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Ultrabook: Behind How Intel is Remaking Mobile Computing

Figuring Out That Touch Would Become Important

Intel knew going in that Ultrabook would undergo several generations of change, and throughout those generations, the company had to struggle with how much flexibility to leave for OEMs. With too little definition of what an “Ultrabook” was, the term would be meaningless. With too much, OEMs would be constricted and there would be no ability to innovate within the segment.

Ultimately, Intel decided to establish baselines for each generation. For instance, in the first two generations, Intel required a minimum five-hour battery life. With Shark Bay and Haswell, Intel expanded this requirement to six hours during HD video playback and nine hours idling in Windows 8. Similarly, touchscreen functionality didn’t become a baseline Ultrabook requirement until Shark Bay. When the Asus VivoBook became one of the first Ultrabooks to arrive (in mid-2012) with a touchscreen, many (including this author) were dubious of the feature’s utility. It seemed like more of a publicity ploy than a must-have technology…until I tried it.

For sure, my trials with touch in apps like OpenOffice, which depend on tiny buttons and pull-downs, proved that mice and trackpads will stay with us for a long time. But all it took was two minutes of browsing through long webpages and interacting with photo galleries to make the light turn on above my head. Suddenly, I understood why Windows 8 had dual personalities. I still don’t like having two user experiences in two different interface paradigms within a single OS, but it was enough to show me the direction that Intel, Microsoft, and others were trying to take mobile computing.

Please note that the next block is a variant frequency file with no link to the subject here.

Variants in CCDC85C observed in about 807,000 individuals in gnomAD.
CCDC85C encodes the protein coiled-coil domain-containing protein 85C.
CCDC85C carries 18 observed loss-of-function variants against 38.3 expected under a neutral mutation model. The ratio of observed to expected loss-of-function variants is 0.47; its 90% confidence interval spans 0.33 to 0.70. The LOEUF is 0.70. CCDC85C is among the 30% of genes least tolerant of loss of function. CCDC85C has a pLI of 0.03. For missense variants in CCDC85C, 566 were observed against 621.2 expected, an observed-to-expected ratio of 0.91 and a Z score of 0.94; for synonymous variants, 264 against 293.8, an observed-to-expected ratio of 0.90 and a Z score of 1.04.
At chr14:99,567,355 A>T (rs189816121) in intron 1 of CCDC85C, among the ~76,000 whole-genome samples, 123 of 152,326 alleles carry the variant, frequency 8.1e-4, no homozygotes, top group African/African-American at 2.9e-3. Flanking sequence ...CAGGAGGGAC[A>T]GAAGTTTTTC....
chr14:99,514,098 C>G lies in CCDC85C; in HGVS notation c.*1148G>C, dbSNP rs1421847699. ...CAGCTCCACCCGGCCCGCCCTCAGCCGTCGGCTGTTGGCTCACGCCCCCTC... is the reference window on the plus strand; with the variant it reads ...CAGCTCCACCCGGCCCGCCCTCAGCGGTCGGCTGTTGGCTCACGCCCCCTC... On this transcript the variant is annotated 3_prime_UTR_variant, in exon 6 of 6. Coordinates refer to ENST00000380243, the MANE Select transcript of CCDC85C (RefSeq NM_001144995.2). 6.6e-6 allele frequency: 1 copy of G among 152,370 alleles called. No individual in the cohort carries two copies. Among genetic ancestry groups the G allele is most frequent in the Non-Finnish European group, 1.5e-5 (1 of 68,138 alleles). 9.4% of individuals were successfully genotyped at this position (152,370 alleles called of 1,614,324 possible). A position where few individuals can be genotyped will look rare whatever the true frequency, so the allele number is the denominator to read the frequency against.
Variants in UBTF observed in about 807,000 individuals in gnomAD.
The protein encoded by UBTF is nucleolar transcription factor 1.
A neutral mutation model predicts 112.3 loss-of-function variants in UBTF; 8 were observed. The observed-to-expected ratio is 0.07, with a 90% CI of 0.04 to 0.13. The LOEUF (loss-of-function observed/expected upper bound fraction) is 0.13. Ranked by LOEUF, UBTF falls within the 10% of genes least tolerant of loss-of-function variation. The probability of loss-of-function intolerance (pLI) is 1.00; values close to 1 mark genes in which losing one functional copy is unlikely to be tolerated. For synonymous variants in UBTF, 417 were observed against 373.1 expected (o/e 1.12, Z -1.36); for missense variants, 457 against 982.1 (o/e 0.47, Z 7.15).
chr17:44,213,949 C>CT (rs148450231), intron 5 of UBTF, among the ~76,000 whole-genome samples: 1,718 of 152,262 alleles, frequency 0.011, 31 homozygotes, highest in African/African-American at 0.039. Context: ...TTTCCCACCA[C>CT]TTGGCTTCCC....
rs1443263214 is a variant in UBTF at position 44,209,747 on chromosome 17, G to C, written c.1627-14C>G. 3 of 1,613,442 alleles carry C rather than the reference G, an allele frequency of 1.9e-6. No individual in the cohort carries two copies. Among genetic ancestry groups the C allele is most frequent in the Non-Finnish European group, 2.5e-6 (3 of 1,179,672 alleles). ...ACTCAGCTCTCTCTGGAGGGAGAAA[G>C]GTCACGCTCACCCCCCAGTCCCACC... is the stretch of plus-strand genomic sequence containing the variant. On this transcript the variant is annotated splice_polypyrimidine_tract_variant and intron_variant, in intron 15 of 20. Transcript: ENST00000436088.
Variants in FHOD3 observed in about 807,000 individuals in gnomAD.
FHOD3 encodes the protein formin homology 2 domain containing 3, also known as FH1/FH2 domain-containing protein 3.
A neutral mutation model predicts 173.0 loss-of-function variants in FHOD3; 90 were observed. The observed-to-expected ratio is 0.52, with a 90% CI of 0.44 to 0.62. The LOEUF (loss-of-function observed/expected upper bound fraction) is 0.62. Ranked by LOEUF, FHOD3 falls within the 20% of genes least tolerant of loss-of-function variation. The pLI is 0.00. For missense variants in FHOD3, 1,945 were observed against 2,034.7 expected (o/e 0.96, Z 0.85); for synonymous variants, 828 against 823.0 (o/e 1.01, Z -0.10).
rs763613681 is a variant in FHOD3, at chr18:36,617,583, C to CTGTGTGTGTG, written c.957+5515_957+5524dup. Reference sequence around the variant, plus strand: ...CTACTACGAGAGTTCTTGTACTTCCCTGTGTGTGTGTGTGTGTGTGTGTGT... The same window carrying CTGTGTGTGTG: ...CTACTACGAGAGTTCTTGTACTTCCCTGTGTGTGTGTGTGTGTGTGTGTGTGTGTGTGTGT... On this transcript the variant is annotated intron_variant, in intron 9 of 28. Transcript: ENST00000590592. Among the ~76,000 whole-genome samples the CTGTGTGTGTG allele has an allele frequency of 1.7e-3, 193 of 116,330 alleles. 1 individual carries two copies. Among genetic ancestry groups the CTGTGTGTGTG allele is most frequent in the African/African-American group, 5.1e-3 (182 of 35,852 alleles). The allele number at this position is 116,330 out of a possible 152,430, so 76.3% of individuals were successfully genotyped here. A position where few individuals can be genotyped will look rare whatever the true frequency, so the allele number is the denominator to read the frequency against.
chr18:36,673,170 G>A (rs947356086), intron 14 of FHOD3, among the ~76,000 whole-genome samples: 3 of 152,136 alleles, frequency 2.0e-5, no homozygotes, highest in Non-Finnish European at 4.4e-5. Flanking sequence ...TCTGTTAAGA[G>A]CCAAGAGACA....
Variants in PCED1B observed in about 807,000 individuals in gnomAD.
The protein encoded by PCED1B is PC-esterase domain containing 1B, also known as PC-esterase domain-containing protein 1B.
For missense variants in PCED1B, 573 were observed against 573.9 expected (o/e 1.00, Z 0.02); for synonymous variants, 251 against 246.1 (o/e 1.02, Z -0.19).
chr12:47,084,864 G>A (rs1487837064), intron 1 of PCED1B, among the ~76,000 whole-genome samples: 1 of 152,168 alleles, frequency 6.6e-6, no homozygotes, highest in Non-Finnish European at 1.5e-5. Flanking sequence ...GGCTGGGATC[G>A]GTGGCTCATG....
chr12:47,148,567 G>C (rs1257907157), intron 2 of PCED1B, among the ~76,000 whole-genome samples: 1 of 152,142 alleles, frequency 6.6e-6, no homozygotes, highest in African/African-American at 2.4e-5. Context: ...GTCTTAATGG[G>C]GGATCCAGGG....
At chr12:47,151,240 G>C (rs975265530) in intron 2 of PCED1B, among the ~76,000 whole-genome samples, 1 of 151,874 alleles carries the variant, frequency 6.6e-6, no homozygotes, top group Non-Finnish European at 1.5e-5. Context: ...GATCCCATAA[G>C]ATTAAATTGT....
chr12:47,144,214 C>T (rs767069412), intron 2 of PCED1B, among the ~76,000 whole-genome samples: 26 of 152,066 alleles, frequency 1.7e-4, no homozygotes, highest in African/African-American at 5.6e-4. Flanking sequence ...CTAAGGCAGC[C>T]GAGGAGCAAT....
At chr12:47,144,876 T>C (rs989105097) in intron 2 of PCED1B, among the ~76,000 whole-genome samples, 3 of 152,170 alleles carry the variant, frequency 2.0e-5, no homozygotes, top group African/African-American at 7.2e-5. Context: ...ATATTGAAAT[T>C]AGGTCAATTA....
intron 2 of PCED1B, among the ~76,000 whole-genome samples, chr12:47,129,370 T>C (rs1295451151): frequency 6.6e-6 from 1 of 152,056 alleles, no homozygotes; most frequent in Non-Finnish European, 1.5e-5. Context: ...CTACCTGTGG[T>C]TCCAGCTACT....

“We knew that with the rise of all these other devices in the marketplace, with tablets and smartphones, mobile users weren’t saying that they wanted things like touch on their PC just yet,” says Karen Regis. “But we knew that was going to become a pain point sooner rather than later. People expect to have consistent, compelling experiences across all their devices. I hear so many stories about people with kids who are growing up with touch. They touch everything and expect it to respond to them.”

No one wants to stake a major initiative and technology change on a hunch, though. Intel embarked on loads of qualitative and quantitative studies based around touch computing. In one case, Intel gave users touch-enabled laptops for a couple of hours and observed their behavior. Then they did a follow-up study in which users were given touch laptops for 60 days so that they could use them on a daily basis. Researchers wanted to see how user habits changed over time. At the end of the 60 days, according to Regis, “touch still tested extremely high,” both in convertibles and clamshells. “At the end, the people in the control group who didn’t have touch devices were kind of pissed,” she laughs.

“We had a small band of people internally who were very passionate about this opportunity and did the necessary skunk work to get their case lined up,” adds DeLine. “Everybody who heard about touch on a clamshell, their initial reaction was, ‘What the hell are you talking about? You’re going to burden the platform with $60 per BOM and the OEMs aren’t necessarily going to get an ROI off of that. And it’s just going to come out of the hide of other platforms.’ So in some respects, it’s advocating for a feature that competes against our business model. What did the big swing was when we did an internal reference design that had touch on it. Once you’ve got one convert, you get another, and then you’ve got advocacy, and then fairly quickly this became a strategy. Once we decide on a strategy, now we’re putting our balance sheet in play with driving touch and developing an ecosystem for 11” to 14” screen sizes. So there was skepticism, but it was overcome by passion and data and logic.”